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  • AASHE-STARS

The Sustainability Tracking, Assessment & Rating System™ (STARS) is a transparent, self-reporting framework for colleges and universities to measure their sustainability performance.

Overall Rating Bronze
Overall Score 38.32
Liaison Patrick McKee
Submission Date March 30, 2018
Executive Letter Download

STARS v2.1

Eastern Kentucky University
OP-10: Biodiversity

Status Score Responsible Party
Complete 2.00 / 2.00 Patrick McKee
Sustainability Manager
Office of Sustainability
"---" indicates that no data was submitted for this field

Does the institution own or manage land that includes or is adjacent to legally protected areas, internationally recognized areas, priority sites for biodiversity, and/or regions of conservation importance?:
Yes

A brief description of the legally protected areas, internationally recognized areas, priority sites for biodiversity, and/or regions of conservation importance:

Eastern Kentucky University owns and manages three distinct natural areas: Lilley Cornett Woods, Maywoods, and Taylor Fork Ecological Area.

Lilley Cornett Woods encompasses 554 acres of mixed mesophytic forest; of this, 254 acres have been designated as old-growth forest, and have not undergone any man made changes in the last 150 years. Lilley Cornett Woods is a preserve and is registered as a national landmark with the US Department of Interior. Due to its unique composition and marked abundance of biodiversity, Lilley Cornett Woods is often utilized as a site for ecological and environmental research.

Maywoods is a 1,700 acre natural area and preserve located approximately 22 miles southwest of EKU’s campus. Taylor Fork Ecological Area is a 60 acre site located adjacent to EKU’s campus that is primarily composed of old pastureland interspersed with small patches of woods and canebrakes. It is currently being managed for restoration to natural habitats.


Has the institution conducted an assessment or assessments to identify endangered and vulnerable species (including migratory species) with habitats on institution-owned or –managed land?:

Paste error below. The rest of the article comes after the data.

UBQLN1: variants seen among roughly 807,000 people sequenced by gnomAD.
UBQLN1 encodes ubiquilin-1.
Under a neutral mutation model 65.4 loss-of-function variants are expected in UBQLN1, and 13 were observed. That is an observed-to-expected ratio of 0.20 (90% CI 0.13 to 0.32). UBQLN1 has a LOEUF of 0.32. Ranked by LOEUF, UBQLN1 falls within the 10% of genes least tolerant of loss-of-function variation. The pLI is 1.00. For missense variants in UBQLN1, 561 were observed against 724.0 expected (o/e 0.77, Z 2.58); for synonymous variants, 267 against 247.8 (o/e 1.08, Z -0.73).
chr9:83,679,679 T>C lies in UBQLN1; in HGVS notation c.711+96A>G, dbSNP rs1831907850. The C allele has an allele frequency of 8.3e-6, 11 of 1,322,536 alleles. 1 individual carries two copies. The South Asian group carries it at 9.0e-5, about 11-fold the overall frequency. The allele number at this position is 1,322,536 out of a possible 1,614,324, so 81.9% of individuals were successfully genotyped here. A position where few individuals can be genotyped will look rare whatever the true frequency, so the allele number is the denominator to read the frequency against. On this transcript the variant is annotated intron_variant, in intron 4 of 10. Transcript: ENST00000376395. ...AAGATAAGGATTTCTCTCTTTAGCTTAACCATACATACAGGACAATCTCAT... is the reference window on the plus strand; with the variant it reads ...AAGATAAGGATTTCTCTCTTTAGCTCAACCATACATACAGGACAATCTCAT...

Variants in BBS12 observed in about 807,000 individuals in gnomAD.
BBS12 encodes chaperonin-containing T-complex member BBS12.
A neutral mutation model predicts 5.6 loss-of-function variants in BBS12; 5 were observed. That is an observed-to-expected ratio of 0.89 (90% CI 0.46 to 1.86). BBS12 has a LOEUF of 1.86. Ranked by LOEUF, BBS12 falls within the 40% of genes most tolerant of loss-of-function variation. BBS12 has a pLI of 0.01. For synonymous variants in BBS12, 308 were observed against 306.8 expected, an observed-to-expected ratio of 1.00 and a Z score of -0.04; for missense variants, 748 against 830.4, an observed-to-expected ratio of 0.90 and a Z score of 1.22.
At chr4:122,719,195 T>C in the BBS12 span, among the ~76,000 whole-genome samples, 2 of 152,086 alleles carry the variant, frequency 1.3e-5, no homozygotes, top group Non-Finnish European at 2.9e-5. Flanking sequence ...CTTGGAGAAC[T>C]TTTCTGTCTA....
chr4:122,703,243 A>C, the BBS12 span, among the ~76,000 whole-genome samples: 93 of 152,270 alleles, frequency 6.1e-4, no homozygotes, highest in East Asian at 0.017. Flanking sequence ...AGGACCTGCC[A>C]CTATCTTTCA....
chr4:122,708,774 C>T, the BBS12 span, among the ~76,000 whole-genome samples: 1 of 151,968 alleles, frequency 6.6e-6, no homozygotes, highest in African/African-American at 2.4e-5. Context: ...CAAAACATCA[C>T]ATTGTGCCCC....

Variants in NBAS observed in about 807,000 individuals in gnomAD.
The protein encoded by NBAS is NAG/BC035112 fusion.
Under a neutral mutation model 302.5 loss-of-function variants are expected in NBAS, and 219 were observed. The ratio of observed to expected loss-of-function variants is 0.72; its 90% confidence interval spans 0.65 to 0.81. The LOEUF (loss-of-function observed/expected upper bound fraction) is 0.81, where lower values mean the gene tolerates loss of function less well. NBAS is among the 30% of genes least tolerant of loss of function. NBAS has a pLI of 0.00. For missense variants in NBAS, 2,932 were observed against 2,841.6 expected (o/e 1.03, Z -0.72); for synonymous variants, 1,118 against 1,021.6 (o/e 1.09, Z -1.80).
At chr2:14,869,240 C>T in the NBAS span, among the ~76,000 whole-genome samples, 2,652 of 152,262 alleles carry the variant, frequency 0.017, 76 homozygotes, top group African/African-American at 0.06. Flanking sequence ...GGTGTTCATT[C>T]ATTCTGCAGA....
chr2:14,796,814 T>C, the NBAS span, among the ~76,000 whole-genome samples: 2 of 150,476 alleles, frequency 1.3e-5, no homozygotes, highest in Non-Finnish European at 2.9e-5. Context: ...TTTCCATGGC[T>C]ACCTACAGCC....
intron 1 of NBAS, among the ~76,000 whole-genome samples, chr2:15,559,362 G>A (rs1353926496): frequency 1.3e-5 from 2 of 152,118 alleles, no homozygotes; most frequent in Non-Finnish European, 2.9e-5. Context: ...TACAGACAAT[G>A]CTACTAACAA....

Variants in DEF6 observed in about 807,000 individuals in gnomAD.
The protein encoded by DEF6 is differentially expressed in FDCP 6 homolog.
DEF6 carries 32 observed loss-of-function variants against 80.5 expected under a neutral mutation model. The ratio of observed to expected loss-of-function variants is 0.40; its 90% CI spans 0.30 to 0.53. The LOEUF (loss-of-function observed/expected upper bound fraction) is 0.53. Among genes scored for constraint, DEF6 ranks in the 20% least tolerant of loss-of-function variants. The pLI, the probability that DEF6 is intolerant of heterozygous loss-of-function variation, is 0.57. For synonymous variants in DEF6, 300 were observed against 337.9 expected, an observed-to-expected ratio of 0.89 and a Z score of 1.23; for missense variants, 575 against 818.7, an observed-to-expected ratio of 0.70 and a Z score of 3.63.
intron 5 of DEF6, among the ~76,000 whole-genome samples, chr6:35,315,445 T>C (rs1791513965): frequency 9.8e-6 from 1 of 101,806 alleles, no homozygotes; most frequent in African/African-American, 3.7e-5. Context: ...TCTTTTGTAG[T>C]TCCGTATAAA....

Yes

Has the institution conducted an assessment or assessments to identify environmentally sensitive areas on institution-owned or –managed land?:
Yes

The methodologies used to identify endangered and vulnerable species and/or environmentally sensitive areas (including most recent year assessed) and any ongoing assessment and monitoring mechanisms:

The primary methodology utilized was standardized monitoring dependent on species taxon. Acoustic monitoring was used to monitor amphibians, bats, and birds, while mist-netting was used for birds exclusively. In addition, Sherman traps and pitfalls traps were utilized for small mammals, amphibians, and reptiles. Visual encounter surveys were also used to identify the species present in each of the natural areas.


A brief description of identified species, habitats and/or environmentally sensitive areas:

Lilley Cornett Woods:
- Sweet pinesap (Monotropis odoratra). Vulnerable.
- Nodding mandarin (Prosartes maculate). Vulnerable.
- Wehrle’s Salamander (Plethodon wehrlei). State listed as species of concern.
- Rafinesque Big-Eared Bat (Corynorhinus rafinesquii). State listed as species of concern.
- Indiana Bat (Myotis sodalis). Federally endangered.
- Northern Long-Eared Bat (Myotis septentrionalis). Federally threatened.
- Kentucky State Nature Preserves designated high quality occurrences of the following plant communities: Appalachian mesophytic forest, Hemlock mixed forest, and Appalachian sub-xeric forest

Maywoods:
- Northern Long-Eared Bat (Myotis septentrionalis). Federally threatened.
- Wild sarsaparilla (Aralia nudicaulis). Vulnerable.
- Tall Hairy Groovebur (Agrimonia gryposepala). Vulnerable.
- Coal Skink (Eumeces anthracinus). Vulnerable.

Taylor Fork also contains known hibernacula for bats.


A brief description of plans or programs in place to protect or positively affect identified species, habitats and/or environmentally sensitive areas:

Each of the aforementioned natural areas has a manager and assistant manager whose primary responsibility is to enforce protection and preservation of these areas and manage for maintenance of natural habitats. In addition, Taylor Fork Ecological Area, Maywoods, and Lilley Cornett Woods all have management programs in place in order to protect the vulnerable ecosystems present there.


The website URL where information about the programs or initiatives is available:
Additional documentation to support the submission:

The information presented here is self-reported. While AASHE staff review portions of all STARS reports and institutions are welcome to seek additional forms of review, the data in STARS reports are not verified by AASHE. If you believe any of this information is erroneous or inconsistent with credit criteria, please review the process for inquiring about the information reported by an institution and complete the Data Inquiry Form.